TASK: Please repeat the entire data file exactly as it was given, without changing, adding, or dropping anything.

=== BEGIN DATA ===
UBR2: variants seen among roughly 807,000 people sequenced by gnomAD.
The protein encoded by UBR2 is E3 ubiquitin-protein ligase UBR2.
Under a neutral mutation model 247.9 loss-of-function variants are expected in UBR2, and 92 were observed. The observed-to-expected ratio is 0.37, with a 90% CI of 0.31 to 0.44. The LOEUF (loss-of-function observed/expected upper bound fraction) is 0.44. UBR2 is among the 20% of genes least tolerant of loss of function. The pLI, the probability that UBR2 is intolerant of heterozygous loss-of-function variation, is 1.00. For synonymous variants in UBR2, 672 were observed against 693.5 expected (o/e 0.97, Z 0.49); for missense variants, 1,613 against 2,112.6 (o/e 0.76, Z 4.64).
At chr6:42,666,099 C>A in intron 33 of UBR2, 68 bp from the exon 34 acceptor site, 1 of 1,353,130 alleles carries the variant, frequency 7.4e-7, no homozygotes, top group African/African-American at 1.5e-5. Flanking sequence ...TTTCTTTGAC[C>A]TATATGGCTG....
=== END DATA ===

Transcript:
UBR2: variants seen among roughly 807,000 people sequenced by gnomAD.
The protein encoded by UBR2 is E3 ubiquitin-protein ligase UBR2.
Under a neutral mutation model 247.9 loss-of-function variants are expected in UBR2, and 92 were observed. The observed-to-expected ratio is 0.37, with a 90% CI of 0.31 to 0.44. The LOEUF (loss-of-function observed/expected upper bound fraction) is 0.44. UBR2 is among the 20% of genes least tolerant of loss of function. The pLI, the probability that UBR2 is intolerant of heterozygous loss-of-function variation, is 1.00. For synonymous variants in UBR2, 672 were observed against 693.5 expected (o/e 0.97, Z 0.49); for missense variants, 1,613 against 2,112.6 (o/e 0.76, Z 4.64).
At chr6:42,666,099 C>A in intron 33 of UBR2, 68 bp from the exon 34 acceptor site, 1 of 1,353,130 alleles carries the variant, frequency 7.4e-7, no homozygotes, top group African/African-American at 1.5e-5. Flanking sequence ...TTTCTTTGAC[C>A]TATATGGCTG....